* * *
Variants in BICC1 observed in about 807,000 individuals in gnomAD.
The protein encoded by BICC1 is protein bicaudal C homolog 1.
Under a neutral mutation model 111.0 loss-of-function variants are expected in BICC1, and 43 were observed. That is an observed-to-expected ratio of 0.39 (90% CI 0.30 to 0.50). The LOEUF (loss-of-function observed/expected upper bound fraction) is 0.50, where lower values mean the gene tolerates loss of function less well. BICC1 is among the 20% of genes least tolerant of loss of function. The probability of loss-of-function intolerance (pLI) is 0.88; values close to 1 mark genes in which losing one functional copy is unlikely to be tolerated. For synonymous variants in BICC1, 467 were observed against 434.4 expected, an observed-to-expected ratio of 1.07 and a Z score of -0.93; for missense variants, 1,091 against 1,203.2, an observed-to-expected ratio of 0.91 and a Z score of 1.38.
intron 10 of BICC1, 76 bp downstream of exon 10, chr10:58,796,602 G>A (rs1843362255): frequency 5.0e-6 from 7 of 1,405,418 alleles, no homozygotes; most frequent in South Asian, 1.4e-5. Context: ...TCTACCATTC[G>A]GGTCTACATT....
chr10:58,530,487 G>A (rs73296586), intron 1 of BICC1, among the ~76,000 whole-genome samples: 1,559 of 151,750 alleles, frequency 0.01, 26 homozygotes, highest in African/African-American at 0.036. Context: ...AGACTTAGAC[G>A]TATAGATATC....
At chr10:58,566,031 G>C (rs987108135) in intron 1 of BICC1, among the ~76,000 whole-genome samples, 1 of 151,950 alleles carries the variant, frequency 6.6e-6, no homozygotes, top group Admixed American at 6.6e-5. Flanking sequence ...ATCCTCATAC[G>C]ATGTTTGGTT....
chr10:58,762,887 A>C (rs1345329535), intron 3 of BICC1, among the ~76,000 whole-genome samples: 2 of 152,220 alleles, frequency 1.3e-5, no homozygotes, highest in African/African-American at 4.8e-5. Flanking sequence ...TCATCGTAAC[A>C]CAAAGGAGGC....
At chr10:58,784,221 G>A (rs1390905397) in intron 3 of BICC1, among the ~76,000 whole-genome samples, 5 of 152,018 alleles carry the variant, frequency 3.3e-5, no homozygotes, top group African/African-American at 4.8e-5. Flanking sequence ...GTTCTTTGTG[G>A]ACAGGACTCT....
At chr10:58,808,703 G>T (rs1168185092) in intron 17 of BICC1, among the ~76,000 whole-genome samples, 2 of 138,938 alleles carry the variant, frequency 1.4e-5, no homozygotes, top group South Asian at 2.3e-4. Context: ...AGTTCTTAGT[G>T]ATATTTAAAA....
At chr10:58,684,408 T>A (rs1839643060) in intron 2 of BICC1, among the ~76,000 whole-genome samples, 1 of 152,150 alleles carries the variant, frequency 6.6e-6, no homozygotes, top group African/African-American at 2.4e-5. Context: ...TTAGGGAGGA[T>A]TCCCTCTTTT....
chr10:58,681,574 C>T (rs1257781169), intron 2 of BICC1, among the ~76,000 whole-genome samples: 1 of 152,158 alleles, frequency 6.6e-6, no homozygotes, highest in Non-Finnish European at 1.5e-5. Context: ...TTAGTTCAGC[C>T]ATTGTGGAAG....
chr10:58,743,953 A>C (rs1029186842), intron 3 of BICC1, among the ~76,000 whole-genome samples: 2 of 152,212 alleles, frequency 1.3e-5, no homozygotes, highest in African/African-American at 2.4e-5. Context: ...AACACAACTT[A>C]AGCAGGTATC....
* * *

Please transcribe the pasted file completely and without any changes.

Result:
Variants in BICC1 observed in about 807,000 individuals in gnomAD.
The protein encoded by BICC1 is protein bicaudal C homolog 1.
Under a neutral mutation model 111.0 loss-of-function variants are expected in BICC1, and 43 were observed. That is an observed-to-expected ratio of 0.39 (90% CI 0.30 to 0.50). The LOEUF (loss-of-function observed/expected upper bound fraction) is 0.50, where lower values mean the gene tolerates loss of function less well. BICC1 is among the 20% of genes least tolerant of loss of function. The probability of loss-of-function intolerance (pLI) is 0.88; values close to 1 mark genes in which losing one functional copy is unlikely to be tolerated. For synonymous variants in BICC1, 467 were observed against 434.4 expected, an observed-to-expected ratio of 1.07 and a Z score of -0.93; for missense variants, 1,091 against 1,203.2, an observed-to-expected ratio of 0.91 and a Z score of 1.38.
intron 10 of BICC1, 76 bp downstream of exon 10, chr10:58,796,602 G>A (rs1843362255): frequency 5.0e-6 from 7 of 1,405,418 alleles, no homozygotes; most frequent in South Asian, 1.4e-5. Context: ...TCTACCATTC[G>A]GGTCTACATT....
chr10:58,530,487 G>A (rs73296586), intron 1 of BICC1, among the ~76,000 whole-genome samples: 1,559 of 151,750 alleles, frequency 0.01, 26 homozygotes, highest in African/African-American at 0.036. Context: ...AGACTTAGAC[G>A]TATAGATATC....
At chr10:58,566,031 G>C (rs987108135) in intron 1 of BICC1, among the ~76,000 whole-genome samples, 1 of 151,950 alleles carries the variant, frequency 6.6e-6, no homozygotes, top group Admixed American at 6.6e-5. Flanking sequence ...ATCCTCATAC[G>C]ATGTTTGGTT....
chr10:58,762,887 A>C (rs1345329535), intron 3 of BICC1, among the ~76,000 whole-genome samples: 2 of 152,220 alleles, frequency 1.3e-5, no homozygotes, highest in African/African-American at 4.8e-5. Flanking sequence ...TCATCGTAAC[A>C]CAAAGGAGGC....
At chr10:58,784,221 G>A (rs1390905397) in intron 3 of BICC1, among the ~76,000 whole-genome samples, 5 of 152,018 alleles carry the variant, frequency 3.3e-5, no homozygotes, top group African/African-American at 4.8e-5. Flanking sequence ...GTTCTTTGTG[G>A]ACAGGACTCT....
At chr10:58,808,703 G>T (rs1168185092) in intron 17 of BICC1, among the ~76,000 whole-genome samples, 2 of 138,938 alleles carry the variant, frequency 1.4e-5, no homozygotes, top group South Asian at 2.3e-4. Context: ...AGTTCTTAGT[G>T]ATATTTAAAA....
At chr10:58,684,408 T>A (rs1839643060) in intron 2 of BICC1, among the ~76,000 whole-genome samples, 1 of 152,150 alleles carries the variant, frequency 6.6e-6, no homozygotes, top group African/African-American at 2.4e-5. Context: ...TTAGGGAGGA[T>A]TCCCTCTTTT....
chr10:58,681,574 C>T (rs1257781169), intron 2 of BICC1, among the ~76,000 whole-genome samples: 1 of 152,158 alleles, frequency 6.6e-6, no homozygotes, highest in Non-Finnish European at 1.5e-5. Context: ...TTAGTTCAGC[C>T]ATTGTGGAAG....
chr10:58,743,953 A>C (rs1029186842), intron 3 of BICC1, among the ~76,000 whole-genome samples: 2 of 152,212 alleles, frequency 1.3e-5, no homozygotes, highest in African/African-American at 2.4e-5. Context: ...AACACAACTT[A>C]AGCAGGTATC....